By Bluefield Research
Access to water supplies globally is increasingly threatened by climate change and inadequate public investment in infrastructure. As a result, governments, municipal utilities, and key stakeholders have been forced to address the intensely debated role of private sector participation as a longer-term solution to local water stresses. Recent analysis by Bluefield Research indicates a dynamic landscape undergoing significant change.
Private participation is well established and expected to grow under current market conditions. The world’s 50 largest private water utilities served over 280 million people in 24 countries and generated over $53 billion in annual revenue on a net equity basis in 2014. France, the UK, USA, and Brazil host the largest private water utilities and in most cases will remain key markets for incremental growth and mergers and acquisitions (M&A) activity going forward.
Between 2013 and 2014, 11 companies moved up in Bluefield Research’s global top 35 consolidated rankings by revenues. While this this shakeup reflects changes in company strategies, M&A activity, and macroeconomic conditions, the impact of developing country assets in company portfolios is also taking on greater significance.
It is a unique time for companies to take a second look at markets with lowering competitive barriers and more pressing needs for private investments. The global water landscape is transitioning, demonstrated by the analysis of more than 86 M&A transactions and 72 concessions since 2013. While entrenched players hold onto key national positions, the emerging global presence of Japanese and Brazilian players indicates changes in the rankings going forward.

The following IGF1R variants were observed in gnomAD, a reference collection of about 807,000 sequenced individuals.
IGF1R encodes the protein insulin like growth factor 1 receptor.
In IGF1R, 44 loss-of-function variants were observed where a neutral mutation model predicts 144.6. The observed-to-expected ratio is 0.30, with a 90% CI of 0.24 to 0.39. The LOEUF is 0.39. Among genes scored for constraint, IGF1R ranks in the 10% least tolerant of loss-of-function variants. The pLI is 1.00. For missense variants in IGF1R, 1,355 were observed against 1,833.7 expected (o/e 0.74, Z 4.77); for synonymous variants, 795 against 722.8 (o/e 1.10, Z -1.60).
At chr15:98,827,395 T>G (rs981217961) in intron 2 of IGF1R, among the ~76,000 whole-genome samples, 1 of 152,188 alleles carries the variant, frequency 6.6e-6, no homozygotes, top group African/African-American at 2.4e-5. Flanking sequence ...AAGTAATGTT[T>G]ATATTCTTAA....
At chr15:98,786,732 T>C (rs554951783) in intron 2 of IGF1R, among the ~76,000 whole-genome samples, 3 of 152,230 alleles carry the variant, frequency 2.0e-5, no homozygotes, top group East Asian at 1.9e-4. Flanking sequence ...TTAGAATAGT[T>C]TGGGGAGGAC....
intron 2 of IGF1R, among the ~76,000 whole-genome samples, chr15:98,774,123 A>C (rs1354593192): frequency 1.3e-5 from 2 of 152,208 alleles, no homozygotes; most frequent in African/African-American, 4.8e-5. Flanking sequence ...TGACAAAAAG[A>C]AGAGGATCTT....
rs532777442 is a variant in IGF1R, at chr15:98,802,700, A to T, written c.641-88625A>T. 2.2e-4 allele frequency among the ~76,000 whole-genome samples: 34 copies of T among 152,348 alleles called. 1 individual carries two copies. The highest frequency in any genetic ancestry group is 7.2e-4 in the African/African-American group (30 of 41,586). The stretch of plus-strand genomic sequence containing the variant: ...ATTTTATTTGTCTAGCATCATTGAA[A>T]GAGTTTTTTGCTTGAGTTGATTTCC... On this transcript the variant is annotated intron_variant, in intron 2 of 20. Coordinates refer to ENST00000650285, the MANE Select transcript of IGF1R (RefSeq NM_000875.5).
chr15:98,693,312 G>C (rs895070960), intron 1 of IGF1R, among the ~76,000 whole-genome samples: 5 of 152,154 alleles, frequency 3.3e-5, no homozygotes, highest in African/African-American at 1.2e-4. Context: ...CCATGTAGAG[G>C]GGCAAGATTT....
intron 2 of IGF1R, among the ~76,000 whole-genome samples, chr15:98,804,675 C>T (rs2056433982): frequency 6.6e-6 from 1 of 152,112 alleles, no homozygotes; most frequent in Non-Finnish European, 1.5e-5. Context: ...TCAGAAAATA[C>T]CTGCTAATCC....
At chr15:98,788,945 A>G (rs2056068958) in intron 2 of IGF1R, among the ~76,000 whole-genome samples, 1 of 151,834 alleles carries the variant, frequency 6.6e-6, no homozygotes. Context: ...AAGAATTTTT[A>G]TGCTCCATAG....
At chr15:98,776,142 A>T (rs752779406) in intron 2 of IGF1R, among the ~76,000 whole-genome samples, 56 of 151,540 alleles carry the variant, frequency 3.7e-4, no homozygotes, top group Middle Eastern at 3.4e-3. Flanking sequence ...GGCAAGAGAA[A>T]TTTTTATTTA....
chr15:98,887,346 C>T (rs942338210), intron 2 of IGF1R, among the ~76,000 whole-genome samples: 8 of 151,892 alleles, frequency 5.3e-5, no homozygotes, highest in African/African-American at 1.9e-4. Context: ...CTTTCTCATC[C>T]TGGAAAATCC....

The promise of closing water infrastructure gaps looms large in developing markets and an increasing number of new players appear in Bluefield Research’s annual utility rankings as a result of this trend. Key regions where private participation in the water sector is on the rise include Southeast Asia, Latin America, and Africa. Shifting risk profiles in countries such as Brazil, along with improving track records of markets such as the Philippines, present a complex, but viable, environment for new project selection. Because of this shift, portfolio investors in the bottom half of the global utility rankings are expected to undergo major changes from year-to-year.
At the same time, global leaders Veolia and Suez are adjusting their own business models and impacting the top of global utility rankings. Changes among the top five largest groups, on a revenue basis, were Suez surpassing Veolia for the top ranking and Thames Water overtaking American Water in the 4th position. Brazil’s SABESP retained its 3rd place ranking and remains the top ranked private national water utility based on population served and volume of water produced annually.
Global Private Water Utility Consolidated Rankings, 2013 - 2014
These and other findings can be found in Bluefield Research report, Private Water Utilities: Global Rankings & Company Strategies, which highlights key drivers and trends among global private utility leaders. Bluefield Research tracks over 100 global private water utilities and offers a complete view of the sector — top-down regional trends combined with bottom up company profiles accompanied by a rich set of data indicators.
Visit www.bluefieldresearch.com for more information on Bluefield’s coverage of global water markets and strategies.